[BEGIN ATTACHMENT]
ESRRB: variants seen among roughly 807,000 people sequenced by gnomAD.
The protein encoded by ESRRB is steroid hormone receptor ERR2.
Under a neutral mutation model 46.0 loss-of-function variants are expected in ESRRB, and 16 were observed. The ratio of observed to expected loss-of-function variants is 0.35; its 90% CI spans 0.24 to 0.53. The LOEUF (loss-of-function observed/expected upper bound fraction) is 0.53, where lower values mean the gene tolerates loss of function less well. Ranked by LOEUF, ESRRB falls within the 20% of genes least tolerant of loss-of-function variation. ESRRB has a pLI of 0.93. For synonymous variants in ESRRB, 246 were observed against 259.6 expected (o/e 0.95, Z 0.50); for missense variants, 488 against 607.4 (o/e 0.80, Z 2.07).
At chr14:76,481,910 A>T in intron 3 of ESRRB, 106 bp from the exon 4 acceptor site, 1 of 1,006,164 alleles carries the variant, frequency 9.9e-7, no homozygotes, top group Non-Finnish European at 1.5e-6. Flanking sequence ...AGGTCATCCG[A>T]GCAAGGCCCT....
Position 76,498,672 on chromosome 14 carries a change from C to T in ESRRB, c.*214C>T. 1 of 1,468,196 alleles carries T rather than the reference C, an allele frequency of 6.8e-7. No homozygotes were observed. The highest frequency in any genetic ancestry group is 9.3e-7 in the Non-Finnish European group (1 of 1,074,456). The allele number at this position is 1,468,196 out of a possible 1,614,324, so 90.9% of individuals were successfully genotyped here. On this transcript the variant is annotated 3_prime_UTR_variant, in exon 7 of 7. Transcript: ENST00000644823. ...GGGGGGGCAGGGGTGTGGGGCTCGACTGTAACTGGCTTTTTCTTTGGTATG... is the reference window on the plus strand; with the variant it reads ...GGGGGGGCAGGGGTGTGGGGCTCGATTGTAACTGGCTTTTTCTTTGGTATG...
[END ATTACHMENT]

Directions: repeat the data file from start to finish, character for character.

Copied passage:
ESRRB: variants seen among roughly 807,000 people sequenced by gnomAD.
The protein encoded by ESRRB is steroid hormone receptor ERR2.
Under a neutral mutation model 46.0 loss-of-function variants are expected in ESRRB, and 16 were observed. The ratio of observed to expected loss-of-function variants is 0.35; its 90% CI spans 0.24 to 0.53. The LOEUF (loss-of-function observed/expected upper bound fraction) is 0.53, where lower values mean the gene tolerates loss of function less well. Ranked by LOEUF, ESRRB falls within the 20% of genes least tolerant of loss-of-function variation. ESRRB has a pLI of 0.93. For synonymous variants in ESRRB, 246 were observed against 259.6 expected (o/e 0.95, Z 0.50); for missense variants, 488 against 607.4 (o/e 0.80, Z 2.07).
At chr14:76,481,910 A>T in intron 3 of ESRRB, 106 bp from the exon 4 acceptor site, 1 of 1,006,164 alleles carries the variant, frequency 9.9e-7, no homozygotes, top group Non-Finnish European at 1.5e-6. Flanking sequence ...AGGTCATCCG[A>T]GCAAGGCCCT....
Position 76,498,672 on chromosome 14 carries a change from C to T in ESRRB, c.*214C>T. 1 of 1,468,196 alleles carries T rather than the reference C, an allele frequency of 6.8e-7. No homozygotes were observed. The highest frequency in any genetic ancestry group is 9.3e-7 in the Non-Finnish European group (1 of 1,074,456). The allele number at this position is 1,468,196 out of a possible 1,614,324, so 90.9% of individuals were successfully genotyped here. On this transcript the variant is annotated 3_prime_UTR_variant, in exon 7 of 7. Transcript: ENST00000644823. ...GGGGGGGCAGGGGTGTGGGGCTCGACTGTAACTGGCTTTTTCTTTGGTATG... is the reference window on the plus strand; with the variant it reads ...GGGGGGGCAGGGGTGTGGGGCTCGATTGTAACTGGCTTTTTCTTTGGTATG...